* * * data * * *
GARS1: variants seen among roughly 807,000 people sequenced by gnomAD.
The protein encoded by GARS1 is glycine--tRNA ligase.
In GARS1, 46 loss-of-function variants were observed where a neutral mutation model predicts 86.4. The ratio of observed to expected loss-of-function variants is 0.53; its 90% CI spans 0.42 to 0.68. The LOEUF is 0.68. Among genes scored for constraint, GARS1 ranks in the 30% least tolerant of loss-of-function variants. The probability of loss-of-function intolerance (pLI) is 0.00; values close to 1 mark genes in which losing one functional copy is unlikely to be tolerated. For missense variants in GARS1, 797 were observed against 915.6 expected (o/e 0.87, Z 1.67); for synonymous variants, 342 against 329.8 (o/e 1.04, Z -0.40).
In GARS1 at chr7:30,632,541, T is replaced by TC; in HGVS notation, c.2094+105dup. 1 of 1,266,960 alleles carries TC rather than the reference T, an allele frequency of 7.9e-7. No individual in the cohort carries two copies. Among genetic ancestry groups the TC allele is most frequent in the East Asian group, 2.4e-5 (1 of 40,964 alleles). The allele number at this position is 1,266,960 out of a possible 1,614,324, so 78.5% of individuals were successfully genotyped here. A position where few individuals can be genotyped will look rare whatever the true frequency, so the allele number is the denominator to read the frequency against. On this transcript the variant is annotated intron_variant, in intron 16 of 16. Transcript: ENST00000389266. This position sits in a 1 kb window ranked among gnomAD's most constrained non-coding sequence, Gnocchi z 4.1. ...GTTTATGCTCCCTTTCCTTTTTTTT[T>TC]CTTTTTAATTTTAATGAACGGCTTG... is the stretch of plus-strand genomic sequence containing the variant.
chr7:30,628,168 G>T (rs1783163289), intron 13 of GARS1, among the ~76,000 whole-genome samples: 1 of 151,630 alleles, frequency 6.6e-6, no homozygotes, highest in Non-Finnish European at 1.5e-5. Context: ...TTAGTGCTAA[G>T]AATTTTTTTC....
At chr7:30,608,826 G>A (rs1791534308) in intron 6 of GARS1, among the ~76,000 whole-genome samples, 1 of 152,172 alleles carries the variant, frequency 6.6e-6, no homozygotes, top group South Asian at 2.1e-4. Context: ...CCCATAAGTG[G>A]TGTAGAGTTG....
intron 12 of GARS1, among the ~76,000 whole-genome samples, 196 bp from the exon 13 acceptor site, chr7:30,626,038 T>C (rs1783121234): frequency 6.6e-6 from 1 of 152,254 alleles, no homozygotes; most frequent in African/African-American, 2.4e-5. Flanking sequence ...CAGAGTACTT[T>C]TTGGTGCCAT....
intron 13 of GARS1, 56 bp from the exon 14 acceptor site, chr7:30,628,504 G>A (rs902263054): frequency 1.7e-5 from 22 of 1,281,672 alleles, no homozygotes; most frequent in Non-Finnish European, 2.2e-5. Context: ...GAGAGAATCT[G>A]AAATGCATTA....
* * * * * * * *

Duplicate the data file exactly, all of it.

GARS1: variants seen among roughly 807,000 people sequenced by gnomAD.
The protein encoded by GARS1 is glycine--tRNA ligase.
In GARS1, 46 loss-of-function variants were observed where a neutral mutation model predicts 86.4. The ratio of observed to expected loss-of-function variants is 0.53; its 90% CI spans 0.42 to 0.68. The LOEUF is 0.68. Among genes scored for constraint, GARS1 ranks in the 30% least tolerant of loss-of-function variants. The probability of loss-of-function intolerance (pLI) is 0.00; values close to 1 mark genes in which losing one functional copy is unlikely to be tolerated. For missense variants in GARS1, 797 were observed against 915.6 expected (o/e 0.87, Z 1.67); for synonymous variants, 342 against 329.8 (o/e 1.04, Z -0.40).
In GARS1 at chr7:30,632,541, T is replaced by TC; in HGVS notation, c.2094+105dup. 1 of 1,266,960 alleles carries TC rather than the reference T, an allele frequency of 7.9e-7. No individual in the cohort carries two copies. Among genetic ancestry groups the TC allele is most frequent in the East Asian group, 2.4e-5 (1 of 40,964 alleles). The allele number at this position is 1,266,960 out of a possible 1,614,324, so 78.5% of individuals were successfully genotyped here. A position where few individuals can be genotyped will look rare whatever the true frequency, so the allele number is the denominator to read the frequency against. On this transcript the variant is annotated intron_variant, in intron 16 of 16. Transcript: ENST00000389266. This position sits in a 1 kb window ranked among gnomAD's most constrained non-coding sequence, Gnocchi z 4.1. ...GTTTATGCTCCCTTTCCTTTTTTTT[T>TC]CTTTTTAATTTTAATGAACGGCTTG... is the stretch of plus-strand genomic sequence containing the variant.
chr7:30,628,168 G>T (rs1783163289), intron 13 of GARS1, among the ~76,000 whole-genome samples: 1 of 151,630 alleles, frequency 6.6e-6, no homozygotes, highest in Non-Finnish European at 1.5e-5. Context: ...TTAGTGCTAA[G>T]AATTTTTTTC....
At chr7:30,608,826 G>A (rs1791534308) in intron 6 of GARS1, among the ~76,000 whole-genome samples, 1 of 152,172 alleles carries the variant, frequency 6.6e-6, no homozygotes, top group South Asian at 2.1e-4. Context: ...CCCATAAGTG[G>A]TGTAGAGTTG....
intron 12 of GARS1, among the ~76,000 whole-genome samples, 196 bp from the exon 13 acceptor site, chr7:30,626,038 T>C (rs1783121234): frequency 6.6e-6 from 1 of 152,254 alleles, no homozygotes; most frequent in African/African-American, 2.4e-5. Flanking sequence ...CAGAGTACTT[T>C]TTGGTGCCAT....
intron 13 of GARS1, 56 bp from the exon 14 acceptor site, chr7:30,628,504 G>A (rs902263054): frequency 1.7e-5 from 22 of 1,281,672 alleles, no homozygotes; most frequent in Non-Finnish European, 2.2e-5. Context: ...GAGAGAATCT[G>A]AAATGCATTA....